AUDIE CORNISH, HOST:
Why write about the business of denim if you can't throw in a few puns? Bloomberg's Kim Bhasin says the jean-making industry has been just as distressed as the ripped denim of the same name. The reason - elastic knit pants, yoga pants, athleisure wear, leggings, whatever you want to call them. The U.S. Census Bureau says that last year for the first time ever, imports of elastic knit pants surpassed denim - distress, indeed.
And Kim Bhasin reports that denim makers, big brands like Ralph Lauren and Calvin Klein, are mounting a comeback. He joins us from our bureau in New York. Welcome to the show.
KIM BHASIN: Glad to be here.
CORNISH: So how far does this fight go back now?
BHASIN: This fight goes back to about 2011, 2012. Back then, Lululemon was coming up real hard selling leggings and yoga pants to everyone. People were really wanting this kind of comfortable feeling on their legs instead of thick denim. And they would wear in the gym and slowly that trickled out of the gym and onto the streets.
CORNISH: Give us some context in terms of the numbers because I don't think of the American denim industry as being one that is in trouble. But what do you see when you look at the data?
BHASIN: Levi's is the most iconic brand in denim. And it's kind of a bellwether for the industry. And it had troubles in the mid-2010s. So that's 2012, '13, '14, '15. It was a slowdown. And finally, in 2017, it posted an 8 percent increase in revenue. And that was its strongest growth since 2011.
CORNISH: So you know that not only are jeans being challenged because they're not as comfortable but the actual styles of blue jeans haven't really evolved over the last 10 years. Is that true?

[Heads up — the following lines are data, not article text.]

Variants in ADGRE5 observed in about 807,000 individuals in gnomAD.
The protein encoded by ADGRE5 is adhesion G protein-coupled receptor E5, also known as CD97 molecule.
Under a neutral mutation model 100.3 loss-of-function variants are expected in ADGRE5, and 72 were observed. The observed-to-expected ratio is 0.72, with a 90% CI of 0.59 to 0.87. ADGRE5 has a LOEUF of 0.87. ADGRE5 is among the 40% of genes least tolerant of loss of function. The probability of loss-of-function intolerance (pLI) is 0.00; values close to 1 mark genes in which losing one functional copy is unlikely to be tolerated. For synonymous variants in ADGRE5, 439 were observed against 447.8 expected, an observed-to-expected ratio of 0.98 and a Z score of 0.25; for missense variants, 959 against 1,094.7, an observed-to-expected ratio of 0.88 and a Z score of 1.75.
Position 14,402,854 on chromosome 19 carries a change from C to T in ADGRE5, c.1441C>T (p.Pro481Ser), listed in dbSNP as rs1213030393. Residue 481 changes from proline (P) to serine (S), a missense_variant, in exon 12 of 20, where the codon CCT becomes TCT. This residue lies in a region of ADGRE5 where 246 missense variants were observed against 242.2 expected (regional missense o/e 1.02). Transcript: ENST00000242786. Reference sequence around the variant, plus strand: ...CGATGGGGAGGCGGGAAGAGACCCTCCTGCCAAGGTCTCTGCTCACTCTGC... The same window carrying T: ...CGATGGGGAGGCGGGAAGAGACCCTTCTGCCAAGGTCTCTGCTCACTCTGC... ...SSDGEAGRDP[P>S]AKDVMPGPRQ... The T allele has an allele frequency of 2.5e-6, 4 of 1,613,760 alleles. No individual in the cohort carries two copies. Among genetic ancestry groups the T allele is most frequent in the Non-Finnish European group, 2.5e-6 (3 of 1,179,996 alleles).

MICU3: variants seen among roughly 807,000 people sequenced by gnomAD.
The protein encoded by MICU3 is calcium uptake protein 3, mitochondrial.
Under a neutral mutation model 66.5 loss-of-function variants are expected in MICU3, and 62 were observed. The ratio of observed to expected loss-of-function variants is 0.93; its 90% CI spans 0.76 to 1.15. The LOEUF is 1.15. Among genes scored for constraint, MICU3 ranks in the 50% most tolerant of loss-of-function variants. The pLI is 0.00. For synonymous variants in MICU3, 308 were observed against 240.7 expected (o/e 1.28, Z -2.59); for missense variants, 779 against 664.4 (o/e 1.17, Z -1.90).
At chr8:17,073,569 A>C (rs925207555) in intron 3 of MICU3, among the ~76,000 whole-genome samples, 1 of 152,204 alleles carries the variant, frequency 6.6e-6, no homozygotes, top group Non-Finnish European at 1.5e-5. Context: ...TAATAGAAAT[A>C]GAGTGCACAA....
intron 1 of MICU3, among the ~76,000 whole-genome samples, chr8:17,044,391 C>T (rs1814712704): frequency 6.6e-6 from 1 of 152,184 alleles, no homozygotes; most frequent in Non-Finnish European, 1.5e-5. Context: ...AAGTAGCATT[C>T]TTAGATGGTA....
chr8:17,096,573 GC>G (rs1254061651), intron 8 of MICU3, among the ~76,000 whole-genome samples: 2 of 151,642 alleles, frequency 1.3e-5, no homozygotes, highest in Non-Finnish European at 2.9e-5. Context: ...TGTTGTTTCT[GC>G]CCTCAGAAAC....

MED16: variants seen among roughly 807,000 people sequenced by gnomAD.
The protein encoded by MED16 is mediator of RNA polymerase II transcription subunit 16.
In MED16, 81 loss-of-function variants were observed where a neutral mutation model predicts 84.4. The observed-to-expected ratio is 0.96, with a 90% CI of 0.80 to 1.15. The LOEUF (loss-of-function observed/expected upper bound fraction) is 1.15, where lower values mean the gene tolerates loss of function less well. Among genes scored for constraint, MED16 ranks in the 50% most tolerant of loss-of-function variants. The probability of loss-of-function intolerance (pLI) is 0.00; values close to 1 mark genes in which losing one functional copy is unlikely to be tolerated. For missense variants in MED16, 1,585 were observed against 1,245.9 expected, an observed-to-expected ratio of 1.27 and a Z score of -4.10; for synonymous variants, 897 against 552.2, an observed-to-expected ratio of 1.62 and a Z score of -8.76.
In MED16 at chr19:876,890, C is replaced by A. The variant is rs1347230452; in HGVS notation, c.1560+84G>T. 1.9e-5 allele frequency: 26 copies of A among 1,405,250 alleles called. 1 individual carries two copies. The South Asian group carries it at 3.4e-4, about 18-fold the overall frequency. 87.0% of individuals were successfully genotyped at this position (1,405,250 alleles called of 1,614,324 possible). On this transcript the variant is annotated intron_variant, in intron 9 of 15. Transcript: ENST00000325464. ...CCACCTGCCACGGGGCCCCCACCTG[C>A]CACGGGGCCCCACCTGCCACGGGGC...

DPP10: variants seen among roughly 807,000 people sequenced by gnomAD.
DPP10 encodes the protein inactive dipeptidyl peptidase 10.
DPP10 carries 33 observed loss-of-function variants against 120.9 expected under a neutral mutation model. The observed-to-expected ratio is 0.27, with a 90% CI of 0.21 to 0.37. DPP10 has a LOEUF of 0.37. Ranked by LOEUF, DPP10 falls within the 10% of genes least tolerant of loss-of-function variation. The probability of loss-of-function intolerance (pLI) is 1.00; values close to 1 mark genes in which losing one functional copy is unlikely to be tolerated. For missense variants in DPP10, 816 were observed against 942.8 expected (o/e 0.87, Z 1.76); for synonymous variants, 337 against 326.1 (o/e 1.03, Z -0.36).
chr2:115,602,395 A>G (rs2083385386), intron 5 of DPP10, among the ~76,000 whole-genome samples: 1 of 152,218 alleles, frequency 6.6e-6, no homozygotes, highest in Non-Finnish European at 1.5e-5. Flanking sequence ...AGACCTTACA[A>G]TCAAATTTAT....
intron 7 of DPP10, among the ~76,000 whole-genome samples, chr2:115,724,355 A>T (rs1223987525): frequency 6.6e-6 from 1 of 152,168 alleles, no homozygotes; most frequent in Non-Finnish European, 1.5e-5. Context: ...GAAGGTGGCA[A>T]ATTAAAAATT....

BHASIN: Skinny jeans have remained the dominant style of denim for more than a decade now. Little has changed on the silhouette front. And this is going all the way back to the, like, early 2000s back when the Britney Spears boot cut trend from back then - it's been skinny ever since.
CORNISH: So what's going on in terms of innovation? I mean, where it exists, are there any wins for the denim world?
BHASIN: The denim world was a little slow to react. In 2012 and '13, they started to finally realize, oh, we have to do something here. We just can't keep selling the same denim that we've sold forever. And Levi's in particular changed the way their women's jeans work. They added a lot of stretch. They added moisture-wicking properties to their jeans.
They just wanted more function because that's what people demanded.
CORNISH: So are you convinced the denim revival's really going to happen?
BHASIN: I'm convinced that it's already happening. The rise of leggings has earned that style a place in every woman's closet. Now, that doesn't mean denim can't reclaim some of that closet space.
CORNISH: Are you sure about that though? I mean, is athleisure a trend we could be seeing the end of at some point?
BHASIN: I think athleisure at this point, since it's been around for five or six years now and still now increasing, it seems here to stay. And also, comfort just makes sense.
CORNISH: I don't know, friend. I still wear high heels, so we do irrational things sometimes.
BHASIN: Oh, yeah, of course. People are trying to fix that too.
BHASIN: It hasn't really worked yet.
CORNISH: Kim Bhasin covers fashion for Bloomberg. His latest piece is titled "Blue Jeans Are Mounting A Comeback." Thank you for speaking with ALL THINGS CONSIDERED.
BHASIN: Thanks so much.
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